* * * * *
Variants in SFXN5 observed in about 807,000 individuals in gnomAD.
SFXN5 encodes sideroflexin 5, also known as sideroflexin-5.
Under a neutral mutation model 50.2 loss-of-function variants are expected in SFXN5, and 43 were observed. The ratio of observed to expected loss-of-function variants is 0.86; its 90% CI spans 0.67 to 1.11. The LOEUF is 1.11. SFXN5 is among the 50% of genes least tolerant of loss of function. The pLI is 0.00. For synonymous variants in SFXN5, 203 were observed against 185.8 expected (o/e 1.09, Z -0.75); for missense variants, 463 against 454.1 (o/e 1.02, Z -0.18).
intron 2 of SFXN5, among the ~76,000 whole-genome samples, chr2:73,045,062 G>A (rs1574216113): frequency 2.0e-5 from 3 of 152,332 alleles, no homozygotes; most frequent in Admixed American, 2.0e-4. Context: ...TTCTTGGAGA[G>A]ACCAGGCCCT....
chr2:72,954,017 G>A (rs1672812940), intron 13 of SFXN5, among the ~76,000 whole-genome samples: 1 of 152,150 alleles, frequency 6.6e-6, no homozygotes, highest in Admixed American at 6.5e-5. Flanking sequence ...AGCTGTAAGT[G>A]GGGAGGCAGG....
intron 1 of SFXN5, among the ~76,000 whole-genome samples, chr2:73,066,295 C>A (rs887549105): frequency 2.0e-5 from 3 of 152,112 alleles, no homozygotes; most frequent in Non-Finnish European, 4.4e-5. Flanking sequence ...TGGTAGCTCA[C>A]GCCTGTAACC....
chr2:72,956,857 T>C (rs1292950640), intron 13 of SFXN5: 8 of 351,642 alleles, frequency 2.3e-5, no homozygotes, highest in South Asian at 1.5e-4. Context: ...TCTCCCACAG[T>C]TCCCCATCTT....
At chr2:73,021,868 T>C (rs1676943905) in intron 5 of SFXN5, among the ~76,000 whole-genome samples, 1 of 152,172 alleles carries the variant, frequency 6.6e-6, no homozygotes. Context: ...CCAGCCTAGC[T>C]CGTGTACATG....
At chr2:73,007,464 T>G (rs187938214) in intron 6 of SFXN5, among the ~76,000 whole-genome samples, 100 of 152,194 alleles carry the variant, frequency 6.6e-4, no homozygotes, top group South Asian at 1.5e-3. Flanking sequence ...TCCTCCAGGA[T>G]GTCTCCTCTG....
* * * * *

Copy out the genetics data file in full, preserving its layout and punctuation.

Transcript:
Variants in SFXN5 observed in about 807,000 individuals in gnomAD.
SFXN5 encodes sideroflexin 5, also known as sideroflexin-5.
Under a neutral mutation model 50.2 loss-of-function variants are expected in SFXN5, and 43 were observed. The ratio of observed to expected loss-of-function variants is 0.86; its 90% CI spans 0.67 to 1.11. The LOEUF is 1.11. SFXN5 is among the 50% of genes least tolerant of loss of function. The pLI is 0.00. For synonymous variants in SFXN5, 203 were observed against 185.8 expected (o/e 1.09, Z -0.75); for missense variants, 463 against 454.1 (o/e 1.02, Z -0.18).
intron 2 of SFXN5, among the ~76,000 whole-genome samples, chr2:73,045,062 G>A (rs1574216113): frequency 2.0e-5 from 3 of 152,332 alleles, no homozygotes; most frequent in Admixed American, 2.0e-4. Context: ...TTCTTGGAGA[G>A]ACCAGGCCCT....
chr2:72,954,017 G>A (rs1672812940), intron 13 of SFXN5, among the ~76,000 whole-genome samples: 1 of 152,150 alleles, frequency 6.6e-6, no homozygotes, highest in Admixed American at 6.5e-5. Flanking sequence ...AGCTGTAAGT[G>A]GGGAGGCAGG....
intron 1 of SFXN5, among the ~76,000 whole-genome samples, chr2:73,066,295 C>A (rs887549105): frequency 2.0e-5 from 3 of 152,112 alleles, no homozygotes; most frequent in Non-Finnish European, 4.4e-5. Flanking sequence ...TGGTAGCTCA[C>A]GCCTGTAACC....
chr2:72,956,857 T>C (rs1292950640), intron 13 of SFXN5: 8 of 351,642 alleles, frequency 2.3e-5, no homozygotes, highest in South Asian at 1.5e-4. Context: ...TCTCCCACAG[T>C]TCCCCATCTT....
At chr2:73,021,868 T>C (rs1676943905) in intron 5 of SFXN5, among the ~76,000 whole-genome samples, 1 of 152,172 alleles carries the variant, frequency 6.6e-6, no homozygotes. Context: ...CCAGCCTAGC[T>C]CGTGTACATG....
At chr2:73,007,464 T>G (rs187938214) in intron 6 of SFXN5, among the ~76,000 whole-genome samples, 100 of 152,194 alleles carry the variant, frequency 6.6e-4, no homozygotes, top group South Asian at 1.5e-3. Flanking sequence ...TCCTCCAGGA[T>G]GTCTCCTCTG....